THURSDAY, March 3 (HealthDay News) — More young people are waiting to have sex, and more women than men are engaging in same-sex encounters, according to a new report detailing Americans’ evolving sexual behaviors and preferences.
In statistics compiled from interviews with 13,500 men and women aged 15 to 44, the 2006-2008 National Survey of Family Growth also indicates that more than half of young people under age 24 who have had oral sex did so before having vaginal intercourse.
Other revelations from the survey, released March 3 by the National Center for Health Statistics of the U.S. Centers for Disease Control and Prevention, include three times as many women over 18 reporting being bisexual as men.
The CDC estimates that 19 million sexually transmitted infections occur each year, along with 50,000 new diagnoses of HIV infection. One function of the report is to provide public health researchers with information to develop prevention strategies targeting high-risk groups, lead author Anjani Chandra said.
“Traditionally, people tend to focus on vaginal intercourse, but they sort of forget about other types of sexual behavior,” said Chandra, a health scientist at the National Center for Health Statistics, which last released a similar report using data from 2002.
Some of the findings include:
* More young people reported never having any sexual contact with another person. In 2002, about 22 percent of youths aged 15 to 24 said they fit this description, while 27 percent of males and 29 percent of females did so in 2006-2008.
* White youths aged 15 to 24 were more likely (57 percent) than blacks or Hispanics of the same age (39 percent) to report engaging in oral sex before ever having intercourse.
* Twice as many women (12.5 percent) reported any same-sex contact as men (5.2 percent), a number that held steady since 2002.
* About 3.5 percent of women reported they were bisexual, compared to 1.1 percent of men. About 1.1 percent of women and 1.7 percent of men said they were homosexual.
* About 35 percent of females and 44 percent of males reported ever having anal sex with an opposite-sex partner.
“The adult view is, when it comes to teens and sex . . . that things are bad and getting worse,” Albert said. “I don’t want to be Pollyanna-ish and say that there’s nothing but good news here, but by and large the news is good.”
But Albert said he believes that the statistics indicating most youths are engaging in oral sex before intercourse may be nebulous.
“What is ‘before’ — an hour, or two days? My strong suspicion here is that sexual activity tends to co-occur . . . they’re probably going to have vaginal sex shortly thereafter,” he said. “For some young people, they’re running the bases backwards. They used to go from more casual to more intimate, but that’s not necessarily the case these days.”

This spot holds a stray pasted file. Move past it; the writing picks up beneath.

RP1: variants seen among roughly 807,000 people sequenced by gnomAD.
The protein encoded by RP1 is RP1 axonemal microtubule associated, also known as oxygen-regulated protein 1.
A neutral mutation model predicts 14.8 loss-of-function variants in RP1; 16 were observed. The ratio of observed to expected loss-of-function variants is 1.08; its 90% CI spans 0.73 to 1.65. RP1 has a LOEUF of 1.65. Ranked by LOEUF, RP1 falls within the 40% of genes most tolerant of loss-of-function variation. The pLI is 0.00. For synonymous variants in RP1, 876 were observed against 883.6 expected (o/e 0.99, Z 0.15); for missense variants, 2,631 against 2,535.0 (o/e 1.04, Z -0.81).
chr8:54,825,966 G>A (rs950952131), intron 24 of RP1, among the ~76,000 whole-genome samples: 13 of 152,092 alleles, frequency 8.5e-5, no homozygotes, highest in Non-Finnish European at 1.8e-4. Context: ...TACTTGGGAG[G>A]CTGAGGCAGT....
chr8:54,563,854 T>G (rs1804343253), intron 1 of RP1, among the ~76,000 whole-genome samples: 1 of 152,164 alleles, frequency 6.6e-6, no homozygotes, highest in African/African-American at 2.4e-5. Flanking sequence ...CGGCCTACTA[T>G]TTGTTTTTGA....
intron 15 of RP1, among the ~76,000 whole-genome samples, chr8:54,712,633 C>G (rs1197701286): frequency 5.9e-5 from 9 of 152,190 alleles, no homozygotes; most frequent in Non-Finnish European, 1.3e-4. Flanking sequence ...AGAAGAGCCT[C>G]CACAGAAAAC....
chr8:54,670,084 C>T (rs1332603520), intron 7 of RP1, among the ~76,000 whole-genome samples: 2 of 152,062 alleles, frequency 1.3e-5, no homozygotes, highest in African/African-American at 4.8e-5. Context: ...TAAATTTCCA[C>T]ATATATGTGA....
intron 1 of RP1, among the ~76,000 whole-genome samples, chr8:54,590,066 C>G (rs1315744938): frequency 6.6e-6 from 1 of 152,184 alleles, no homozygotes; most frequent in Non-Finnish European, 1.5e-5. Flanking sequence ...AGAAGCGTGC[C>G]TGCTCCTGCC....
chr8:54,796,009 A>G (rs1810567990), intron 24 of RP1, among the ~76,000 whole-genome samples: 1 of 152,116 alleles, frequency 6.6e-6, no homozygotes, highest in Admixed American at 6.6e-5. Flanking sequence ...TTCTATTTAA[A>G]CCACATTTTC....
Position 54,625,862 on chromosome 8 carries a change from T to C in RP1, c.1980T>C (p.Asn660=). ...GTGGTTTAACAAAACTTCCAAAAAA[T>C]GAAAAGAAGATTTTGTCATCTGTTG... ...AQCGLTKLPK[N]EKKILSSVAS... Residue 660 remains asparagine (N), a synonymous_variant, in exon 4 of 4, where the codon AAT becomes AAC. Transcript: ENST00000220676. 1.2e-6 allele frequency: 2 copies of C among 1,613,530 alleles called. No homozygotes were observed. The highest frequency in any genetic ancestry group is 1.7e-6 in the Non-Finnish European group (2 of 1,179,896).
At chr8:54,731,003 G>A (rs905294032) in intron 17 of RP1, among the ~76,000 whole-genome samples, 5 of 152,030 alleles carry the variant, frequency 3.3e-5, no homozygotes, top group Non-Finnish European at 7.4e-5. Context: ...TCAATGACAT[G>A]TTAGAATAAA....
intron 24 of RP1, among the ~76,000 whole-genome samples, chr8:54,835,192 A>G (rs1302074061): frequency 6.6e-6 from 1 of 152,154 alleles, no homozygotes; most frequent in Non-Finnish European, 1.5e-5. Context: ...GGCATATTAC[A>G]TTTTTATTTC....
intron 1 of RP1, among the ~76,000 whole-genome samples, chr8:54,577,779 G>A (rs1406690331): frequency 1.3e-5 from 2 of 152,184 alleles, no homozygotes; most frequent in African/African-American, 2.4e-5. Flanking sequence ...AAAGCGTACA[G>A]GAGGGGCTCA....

Sexuality expert Dr. Jennifer Berman said it’s not surprising that young people engage in oral sex first because it’s now considered a way to gain status and prestige among their peers.
Also, “It often has to do with sexual education or the lack thereof,” said Berman, director of the Berman Women’s Wellness Center in Beverly Hills, Calif. “Young people don’t perceive oral sex as sex and think they’re still virgins if there’s no penetration.”
Chandra and Berman had very different takes on why twice as many women reported same-sex contact as men.
“Whether [the gender discrepancy] is real or they simply have a higher comfort level reporting that, I can’t say,” Chandra said. “Their comfort . . . may bolster their honesty and disclosure level.”
Berman said she feels the disclosure is genuine, but fueled by societal forces.
“In the [sexuality] field and in L.A., we think that same-sex experiences with women are a lot of times related to drugs and alcohol,” she said, “or designed and choreographed for men’s pleasure.”
Berman was critical of the scope and structure of the national report, saying it “left out very productive, active generations” by excluding participants 45 and older and omitting details about sexual habits such as the use of contraceptives, lubricants or sex toys.
“It’s an interesting sample,” she said. But, “it certainly doesn’t enable people in the field to form valid conclusions . . . or form systems or supports.”
For more on sexual attraction and orientation, visit the Nemours Foundation.
SOURCES: Anjani Chandra, Ph.D., health scientist, U.S. Centers for Disease Control and Prevention, National Center for Health Statistics; Bill Albert, chief program officer, National Campaign to Prevent Teen and Unplanned Pregnancy; Jennifer Berman, M.D., director, Berman Women’s Wellness Center, Beverly Hills, Calif.; March 3, 2011, National Center for Health Statistics, report, Sexual Behavior, Sexual Attraction, and Sexual Identity in the United States: Data from the 2006-2008 National Survey of Family Growth